It took seven years for RSC to translate book to stage. Vicky Smith thinks it was time well spent
Translating a book into film or theatre is tricky territory, and can fall as flat as one of Mr Wormwood’s business deals. Fortunately, Matilda has been successful on both accounts: I loved the film as a child, and I loved the Royal Shakespeare Company theatre production as a grownup.
Granted, it was a slow start (quite literally, due to technical difficulties) but, once the show got going, it careered through one visually spectacular set after another right through ‘til the credits - which, in typical Matilda fashion, saw children zooming around on scooters.
I’m always awed by adults who can belt out pitch perfect tunes, remember all their lines and memorise some pretty complex choreography - so I was especially amazed by children under twelve doing just that. Sophia Ally was flawless as Matilda, right down to a very convincing dialogue in Russian, and her fellow young actors weren’t far behind. The only snag was that I sometimes couldn’t hear what they were singing - the fault of adolescent voice boxes rather than any lack of talent.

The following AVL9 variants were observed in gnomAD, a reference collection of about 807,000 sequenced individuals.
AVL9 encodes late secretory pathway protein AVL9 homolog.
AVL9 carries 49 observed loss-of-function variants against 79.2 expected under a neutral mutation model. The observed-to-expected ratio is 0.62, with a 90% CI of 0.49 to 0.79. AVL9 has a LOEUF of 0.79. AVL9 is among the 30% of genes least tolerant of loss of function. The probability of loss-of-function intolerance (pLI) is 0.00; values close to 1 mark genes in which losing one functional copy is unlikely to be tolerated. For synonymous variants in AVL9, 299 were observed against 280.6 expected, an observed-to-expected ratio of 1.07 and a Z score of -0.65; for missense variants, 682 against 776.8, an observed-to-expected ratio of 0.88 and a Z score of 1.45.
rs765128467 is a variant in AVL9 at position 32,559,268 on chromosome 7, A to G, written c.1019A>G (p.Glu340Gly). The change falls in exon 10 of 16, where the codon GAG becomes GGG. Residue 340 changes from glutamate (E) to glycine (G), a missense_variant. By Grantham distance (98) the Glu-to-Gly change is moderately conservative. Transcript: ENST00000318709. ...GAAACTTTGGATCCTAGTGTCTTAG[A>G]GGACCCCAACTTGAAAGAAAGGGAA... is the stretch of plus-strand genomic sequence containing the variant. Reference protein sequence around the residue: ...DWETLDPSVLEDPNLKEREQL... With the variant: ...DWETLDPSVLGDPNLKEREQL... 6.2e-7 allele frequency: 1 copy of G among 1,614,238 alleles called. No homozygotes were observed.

Not to be outshone by the ‘maggots’ - in the words of Miss Trunchbull - the adults were also splendiferous. Trunchbull was played by Craige Els (above), who portrayed the evil headmistress to full comedic effect, while Rebecca Thornhill and Sebastien Torkia were also eyewateringly funny as Matilda’s imbecilic parents the Wormwoods.
Comedy value aside, the story does have a darker side. Shunned by her parents, Matilda seeks refuge in the world of books and, were it not for the kindly intervening of Miss Honey (Carly Thoms) - herself the subject of child mistreatment - may have spent her whole childhood alone.
Of course she’s a genius who can read Dostoyevsky in Russian, calculate mind-boggling sums on the spot and even move things with her eyes - so we assume she’d come up trumps regardless. But the moral of the story is that any child can ‘change my story’ and a Matilda schools campaign is one of the many ways the Roald Dahl estate aims to inspire young minds.
It took seven years to bring Matilda onstage in 2010 - much longer than it took for Dahl to write the book. But, after being chosen over countless other theatre companies, Royal Shakespeare Company knew it had to do the musical justice. Over 8 million viewers and 85 awards suggest it has - and I’d be inclined to agree.
Matilda runs at The Palace until Saturday 24 November
Images: Manuel Harlan